Their education at one of the top 10 business schools in the world—according to the Financial Times’ Global MBA ranking 2018—was a platform for them both to launch into the Global Leadership Academy at Alibaba; a career in tech was on their wish list from the start.
American-born Leela’s curiosity about the Chinese way of life was sparked in high school and culminated with her studying Classical Chinese in college in the US—she was driven by a keen interest in Taoist philosophy, she explains.
Taoism might have satisfied her curiosity for one kernel of Chinese life, but it was her desire for a sweeping understanding of Chinese culture and the chance to start a career there that led to her pursuit of an MBA at CEIBS.
She interned with a company in China in the middle of her MBA, and the founder was the former VP of marketing at Alibaba. It was from there that she was introduced to the idea of the Alibaba Global Leadership Academy. Alibaba was the only company she targeted, and it was the only one she applied for.
“They told me about the program and it was a perfect fit,” she says. “The program is ideally tailored for an MBA from CEIBS. They are looking for someone who has a proven capability to be, survive, and succeed in China.
“CEIBS is a platform to that culture. There’s no way I could have come to Alibaba without CEIBS, it was the gateway.”
A huge advantage of the MBA at CEIBS, Leela adds, is the access internationals have to Chinese students—almost 64% for the most recent cohort. What that means is you are surrounded by a well-networked group of individuals with ties to companies in the key business hubs in China.
The classroom at CEIBS is a one-way ticket into the depths of Chinese culture and the DNA that makes up the business environment there.
An understanding of that culture is what allows Leela to succeed in her day-to-day working life. Alibaba recruits international talent to be trained in its HQ in Hangzhou, with the aim being to deploy their recruits throughout the company’s global offices, bridging the culture gap between China and the rest of the world.
“We become a sponge [of knowledge],” Leela explains, “and the idea is to squeeze that sponge across Alibaba’s external offices.”
Diego’s story is slightly different—before China Europe International Business School he was already established with Procter & Gamble in London, but after a number of years he yearned for a transfer to Latin America or the Asia Pacific.
This was in the midst of the financial crisis, though, and transfers were frozen—it was then that CEIBS beckoned.
“I wanted to move from finance to a business development role, and from FMCG to technology,” Diego recalls. “So, I started doing research and saw CEIBS as the perfect stepping stone because of its big Asia Pacific network, and the MBA being a good way to pivot your career.”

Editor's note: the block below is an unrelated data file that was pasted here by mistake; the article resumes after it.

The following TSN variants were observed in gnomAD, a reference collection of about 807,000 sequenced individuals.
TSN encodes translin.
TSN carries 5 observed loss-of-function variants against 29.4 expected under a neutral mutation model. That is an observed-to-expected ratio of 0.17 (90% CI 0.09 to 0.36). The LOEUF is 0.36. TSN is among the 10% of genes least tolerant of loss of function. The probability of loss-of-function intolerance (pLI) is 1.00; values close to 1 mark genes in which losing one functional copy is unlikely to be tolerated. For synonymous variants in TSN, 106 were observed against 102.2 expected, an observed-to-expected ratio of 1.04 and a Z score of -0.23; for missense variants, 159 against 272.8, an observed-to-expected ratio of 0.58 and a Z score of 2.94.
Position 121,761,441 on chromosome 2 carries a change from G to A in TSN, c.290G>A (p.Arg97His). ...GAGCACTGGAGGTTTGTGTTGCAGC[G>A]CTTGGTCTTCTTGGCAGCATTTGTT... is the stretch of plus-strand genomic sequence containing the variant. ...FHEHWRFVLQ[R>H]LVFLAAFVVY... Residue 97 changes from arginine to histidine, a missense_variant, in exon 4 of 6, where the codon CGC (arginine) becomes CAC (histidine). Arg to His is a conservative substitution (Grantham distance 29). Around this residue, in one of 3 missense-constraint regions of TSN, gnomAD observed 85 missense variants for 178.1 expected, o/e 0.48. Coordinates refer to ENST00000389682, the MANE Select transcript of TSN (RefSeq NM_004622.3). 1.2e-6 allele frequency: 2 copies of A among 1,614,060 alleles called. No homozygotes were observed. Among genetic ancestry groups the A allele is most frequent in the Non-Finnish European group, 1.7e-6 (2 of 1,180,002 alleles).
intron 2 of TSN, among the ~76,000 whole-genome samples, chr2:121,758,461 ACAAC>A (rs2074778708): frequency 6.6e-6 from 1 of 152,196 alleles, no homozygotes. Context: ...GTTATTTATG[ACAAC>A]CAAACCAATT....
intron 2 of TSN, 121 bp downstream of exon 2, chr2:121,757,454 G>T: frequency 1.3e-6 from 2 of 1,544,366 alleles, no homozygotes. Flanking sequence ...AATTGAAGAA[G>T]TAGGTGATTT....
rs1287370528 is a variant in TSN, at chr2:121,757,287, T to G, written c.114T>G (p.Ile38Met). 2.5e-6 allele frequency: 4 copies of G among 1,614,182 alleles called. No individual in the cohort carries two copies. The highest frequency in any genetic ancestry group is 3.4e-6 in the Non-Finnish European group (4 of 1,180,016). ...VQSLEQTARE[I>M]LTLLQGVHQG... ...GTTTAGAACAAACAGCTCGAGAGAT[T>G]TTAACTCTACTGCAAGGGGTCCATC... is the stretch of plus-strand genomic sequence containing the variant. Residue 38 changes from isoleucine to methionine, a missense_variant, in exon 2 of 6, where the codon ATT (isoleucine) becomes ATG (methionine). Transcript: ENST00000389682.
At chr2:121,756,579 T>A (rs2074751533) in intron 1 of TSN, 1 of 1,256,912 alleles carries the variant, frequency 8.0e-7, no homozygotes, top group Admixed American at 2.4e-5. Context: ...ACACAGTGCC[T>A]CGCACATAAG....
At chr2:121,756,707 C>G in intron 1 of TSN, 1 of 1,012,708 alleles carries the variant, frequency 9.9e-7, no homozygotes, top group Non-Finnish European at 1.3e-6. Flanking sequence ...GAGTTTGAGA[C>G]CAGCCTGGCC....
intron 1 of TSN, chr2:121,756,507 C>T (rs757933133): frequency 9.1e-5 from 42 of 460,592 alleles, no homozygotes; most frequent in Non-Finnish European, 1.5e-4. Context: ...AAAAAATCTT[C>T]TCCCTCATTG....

Alibaba and the Global Leadership Academy fell in perfect line with Diego’s aspirations. It was when writing his application that this was made clearly apparent.
“In reality, when you write a passionate application the interviewer can feel that,” he says—the Alibaba application, he adds, is the one on which he worked the hardest.
He also pulled on the strings of CEIBS’ network—he spoke with MBA alumni before the application process who were already working at Alibaba. They transferred to him their knowledge about company culture, the DNA of Alibaba, how decisions are made, and the future of the company. “Including that in the application was vital,” he asserts,
Understanding how Chinese people think and work is also key. At each point of the MBA CEIBS ensures international students are working closely together with their Chinese peers, whether that be on projects, coursework, or study trips.
“That’s really important. It’s something this MBA gives you which was surely important to land the job, but also important for me to understand and perform at work today.
“The work culture is incredible, it’s extremely agile, and the speed at which the company is able to pivot is fascinating,” he adds.
Diego says that everything is much more ad hoc than the West, and that the MBA was vital preparation work for that. And, he has some key advice for any incoming MBA students at China Europe International Business School.
“I think the language is really important, so spending more time studying the language is definitely a recommendation—not only for knowledge transfer but for building relationships and connecting with people on a personal and professional level.
“And exposure to tech, and to build connections and meet people working in the roles to understand what happens here. Keep an open mind and be flexible […] because it’s probably different to any place you’ve ever worked before.”